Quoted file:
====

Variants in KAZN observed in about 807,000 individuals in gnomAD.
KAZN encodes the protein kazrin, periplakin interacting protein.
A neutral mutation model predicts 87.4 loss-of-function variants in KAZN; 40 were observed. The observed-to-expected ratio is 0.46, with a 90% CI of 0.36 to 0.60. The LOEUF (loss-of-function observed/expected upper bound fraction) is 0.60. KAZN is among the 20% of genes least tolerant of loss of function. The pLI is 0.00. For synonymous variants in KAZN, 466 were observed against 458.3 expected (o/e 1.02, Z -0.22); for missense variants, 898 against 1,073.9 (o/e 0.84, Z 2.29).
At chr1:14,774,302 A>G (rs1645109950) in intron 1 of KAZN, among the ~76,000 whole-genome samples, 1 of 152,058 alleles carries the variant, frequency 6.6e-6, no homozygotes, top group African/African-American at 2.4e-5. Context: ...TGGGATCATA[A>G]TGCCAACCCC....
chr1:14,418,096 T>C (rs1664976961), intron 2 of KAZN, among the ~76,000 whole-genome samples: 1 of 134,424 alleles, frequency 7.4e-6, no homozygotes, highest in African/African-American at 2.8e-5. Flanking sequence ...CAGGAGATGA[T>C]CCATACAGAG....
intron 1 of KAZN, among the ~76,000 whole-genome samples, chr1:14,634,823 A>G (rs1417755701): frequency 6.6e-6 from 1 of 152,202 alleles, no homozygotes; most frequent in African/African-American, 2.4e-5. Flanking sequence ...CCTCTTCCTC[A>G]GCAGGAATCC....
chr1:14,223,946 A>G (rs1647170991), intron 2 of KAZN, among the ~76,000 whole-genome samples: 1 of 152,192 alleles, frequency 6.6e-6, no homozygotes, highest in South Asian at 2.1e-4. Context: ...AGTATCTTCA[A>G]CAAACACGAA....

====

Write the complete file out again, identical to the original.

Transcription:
Variants in KAZN observed in about 807,000 individuals in gnomAD.
KAZN encodes the protein kazrin, periplakin interacting protein.
A neutral mutation model predicts 87.4 loss-of-function variants in KAZN; 40 were observed. The observed-to-expected ratio is 0.46, with a 90% CI of 0.36 to 0.60. The LOEUF (loss-of-function observed/expected upper bound fraction) is 0.60. KAZN is among the 20% of genes least tolerant of loss of function. The pLI is 0.00. For synonymous variants in KAZN, 466 were observed against 458.3 expected (o/e 1.02, Z -0.22); for missense variants, 898 against 1,073.9 (o/e 0.84, Z 2.29).
At chr1:14,774,302 A>G (rs1645109950) in intron 1 of KAZN, among the ~76,000 whole-genome samples, 1 of 152,058 alleles carries the variant, frequency 6.6e-6, no homozygotes, top group African/African-American at 2.4e-5. Context: ...TGGGATCATA[A>G]TGCCAACCCC....
chr1:14,418,096 T>C (rs1664976961), intron 2 of KAZN, among the ~76,000 whole-genome samples: 1 of 134,424 alleles, frequency 7.4e-6, no homozygotes, highest in African/African-American at 2.8e-5. Flanking sequence ...CAGGAGATGA[T>C]CCATACAGAG....
intron 1 of KAZN, among the ~76,000 whole-genome samples, chr1:14,634,823 A>G (rs1417755701): frequency 6.6e-6 from 1 of 152,202 alleles, no homozygotes; most frequent in African/African-American, 2.4e-5. Flanking sequence ...CCTCTTCCTC[A>G]GCAGGAATCC....
chr1:14,223,946 A>G (rs1647170991), intron 2 of KAZN, among the ~76,000 whole-genome samples: 1 of 152,192 alleles, frequency 6.6e-6, no homozygotes, highest in South Asian at 2.1e-4. Context: ...AGTATCTTCA[A>G]CAAACACGAA....